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By Theresa Wyatt

What sort of soldiers were they

wolfing baking soda – ripping heads

and tails off mackerel with no pause

animal like – by history’s telling

of the hunger

Who ransacked pregnant women’s

houses, soiled their flour and yeast,

blew out their barns and windows

for more excruciating clarity

Who left behind the flood

of amputation, red gullies on linens,

dumped limbs inside featherbed quilts

but not before taking the china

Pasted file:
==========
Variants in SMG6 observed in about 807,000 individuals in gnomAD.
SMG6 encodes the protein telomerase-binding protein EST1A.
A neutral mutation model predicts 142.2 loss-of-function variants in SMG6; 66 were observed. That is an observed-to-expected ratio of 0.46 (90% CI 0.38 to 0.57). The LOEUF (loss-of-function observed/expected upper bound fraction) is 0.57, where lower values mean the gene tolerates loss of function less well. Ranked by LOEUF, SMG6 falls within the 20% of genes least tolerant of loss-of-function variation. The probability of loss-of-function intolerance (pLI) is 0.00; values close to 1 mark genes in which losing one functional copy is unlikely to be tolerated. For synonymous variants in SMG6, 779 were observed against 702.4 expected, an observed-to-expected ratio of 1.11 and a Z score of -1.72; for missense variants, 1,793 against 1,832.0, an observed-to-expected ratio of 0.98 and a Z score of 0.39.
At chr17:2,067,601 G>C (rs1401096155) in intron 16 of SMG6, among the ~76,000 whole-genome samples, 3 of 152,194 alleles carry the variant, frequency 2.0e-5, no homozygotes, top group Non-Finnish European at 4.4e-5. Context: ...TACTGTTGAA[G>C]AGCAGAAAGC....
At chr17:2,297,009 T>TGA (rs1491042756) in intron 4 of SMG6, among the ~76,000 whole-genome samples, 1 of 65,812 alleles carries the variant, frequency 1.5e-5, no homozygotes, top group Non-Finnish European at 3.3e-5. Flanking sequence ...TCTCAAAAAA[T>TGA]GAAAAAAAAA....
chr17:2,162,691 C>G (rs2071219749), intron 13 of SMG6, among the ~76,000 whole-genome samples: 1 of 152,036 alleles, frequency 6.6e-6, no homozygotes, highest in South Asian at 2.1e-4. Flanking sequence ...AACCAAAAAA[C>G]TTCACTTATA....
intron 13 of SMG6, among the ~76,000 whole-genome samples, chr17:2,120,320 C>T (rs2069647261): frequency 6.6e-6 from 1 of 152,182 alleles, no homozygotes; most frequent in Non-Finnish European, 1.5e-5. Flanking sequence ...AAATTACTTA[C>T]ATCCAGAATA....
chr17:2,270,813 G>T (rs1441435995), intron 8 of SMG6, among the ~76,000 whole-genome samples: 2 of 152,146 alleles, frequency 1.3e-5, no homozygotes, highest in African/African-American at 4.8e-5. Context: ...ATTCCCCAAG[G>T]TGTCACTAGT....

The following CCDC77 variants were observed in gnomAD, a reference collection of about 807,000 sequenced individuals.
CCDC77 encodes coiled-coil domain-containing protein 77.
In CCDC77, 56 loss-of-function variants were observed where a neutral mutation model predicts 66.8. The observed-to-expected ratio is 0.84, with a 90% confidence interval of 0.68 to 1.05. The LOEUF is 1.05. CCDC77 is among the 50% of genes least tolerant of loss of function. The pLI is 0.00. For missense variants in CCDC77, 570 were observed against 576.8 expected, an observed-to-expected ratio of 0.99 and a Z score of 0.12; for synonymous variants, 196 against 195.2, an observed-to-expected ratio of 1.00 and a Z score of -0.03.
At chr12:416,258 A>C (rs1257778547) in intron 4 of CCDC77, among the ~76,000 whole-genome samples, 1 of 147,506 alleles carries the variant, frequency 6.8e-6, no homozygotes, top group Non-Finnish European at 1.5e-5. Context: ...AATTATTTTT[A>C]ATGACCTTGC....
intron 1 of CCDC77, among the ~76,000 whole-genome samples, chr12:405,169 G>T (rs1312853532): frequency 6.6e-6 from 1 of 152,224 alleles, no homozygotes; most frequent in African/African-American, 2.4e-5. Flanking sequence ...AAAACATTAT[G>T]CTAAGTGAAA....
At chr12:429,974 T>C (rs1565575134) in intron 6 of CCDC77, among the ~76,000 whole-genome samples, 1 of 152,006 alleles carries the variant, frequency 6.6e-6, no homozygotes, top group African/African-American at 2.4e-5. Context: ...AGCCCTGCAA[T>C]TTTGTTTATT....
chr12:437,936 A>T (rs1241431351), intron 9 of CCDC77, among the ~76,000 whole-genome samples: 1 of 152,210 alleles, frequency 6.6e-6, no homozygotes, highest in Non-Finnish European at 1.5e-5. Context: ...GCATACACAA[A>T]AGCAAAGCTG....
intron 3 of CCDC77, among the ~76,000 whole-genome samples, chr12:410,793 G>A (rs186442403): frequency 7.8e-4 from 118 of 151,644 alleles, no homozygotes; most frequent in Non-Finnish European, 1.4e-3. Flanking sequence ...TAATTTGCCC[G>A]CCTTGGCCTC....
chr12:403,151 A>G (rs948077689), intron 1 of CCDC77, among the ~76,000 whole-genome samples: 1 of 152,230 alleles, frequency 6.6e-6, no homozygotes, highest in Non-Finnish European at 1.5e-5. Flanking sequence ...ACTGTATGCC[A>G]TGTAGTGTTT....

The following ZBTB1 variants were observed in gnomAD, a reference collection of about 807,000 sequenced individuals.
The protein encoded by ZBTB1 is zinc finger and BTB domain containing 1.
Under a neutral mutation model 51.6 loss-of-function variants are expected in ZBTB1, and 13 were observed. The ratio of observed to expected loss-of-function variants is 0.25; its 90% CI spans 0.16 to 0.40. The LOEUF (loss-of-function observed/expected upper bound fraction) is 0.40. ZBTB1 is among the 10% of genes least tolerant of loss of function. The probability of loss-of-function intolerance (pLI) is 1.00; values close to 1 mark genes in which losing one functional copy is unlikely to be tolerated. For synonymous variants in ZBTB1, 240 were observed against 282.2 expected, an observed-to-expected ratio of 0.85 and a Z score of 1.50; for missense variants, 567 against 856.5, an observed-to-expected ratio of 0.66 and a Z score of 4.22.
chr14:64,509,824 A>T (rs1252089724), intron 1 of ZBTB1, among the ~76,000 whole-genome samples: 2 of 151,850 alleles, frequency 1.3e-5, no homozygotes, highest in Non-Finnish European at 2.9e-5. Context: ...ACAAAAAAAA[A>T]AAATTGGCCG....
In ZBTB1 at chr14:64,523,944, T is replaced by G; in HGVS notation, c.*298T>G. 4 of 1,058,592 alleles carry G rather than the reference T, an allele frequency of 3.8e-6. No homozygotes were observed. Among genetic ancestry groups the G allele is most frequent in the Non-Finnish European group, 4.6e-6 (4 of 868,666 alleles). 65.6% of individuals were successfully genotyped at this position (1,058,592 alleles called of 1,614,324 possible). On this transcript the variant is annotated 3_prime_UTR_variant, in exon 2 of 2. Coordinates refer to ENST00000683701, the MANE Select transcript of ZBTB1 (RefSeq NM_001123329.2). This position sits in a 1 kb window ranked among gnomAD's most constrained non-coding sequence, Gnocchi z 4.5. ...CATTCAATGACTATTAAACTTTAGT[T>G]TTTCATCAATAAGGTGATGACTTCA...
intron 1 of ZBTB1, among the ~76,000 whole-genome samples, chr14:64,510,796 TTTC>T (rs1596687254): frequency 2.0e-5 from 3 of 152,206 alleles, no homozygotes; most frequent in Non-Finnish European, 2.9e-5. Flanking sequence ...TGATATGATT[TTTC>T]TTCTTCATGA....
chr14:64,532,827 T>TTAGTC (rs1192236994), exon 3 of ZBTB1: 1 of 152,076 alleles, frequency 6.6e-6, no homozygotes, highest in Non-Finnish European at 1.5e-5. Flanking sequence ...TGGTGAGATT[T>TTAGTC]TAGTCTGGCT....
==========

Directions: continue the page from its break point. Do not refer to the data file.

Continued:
Mothers of war have told us what sort

of bootless men and boys they were:

Every lice infested starving soldier

is someone else’s son, they said

Someone else’s son hurled viciously

into other worlds barefoot,

war’s special Sundays

of cannonball choruses

crying voices

absorbed into the night sound

of crickets that won’t

let you sleep

THERESA WYATT is a retired educator and visual artist who has worked extensively in the art of narrative medicine, a growing genre that portrays the human encounter with illness through writing and art. She is the author of “Arrowheads Everywhere,” her first collection of poems published by Derby by the Lake Project. This poem is from her Gettysburg Series, also published by Derby by the Lake Project.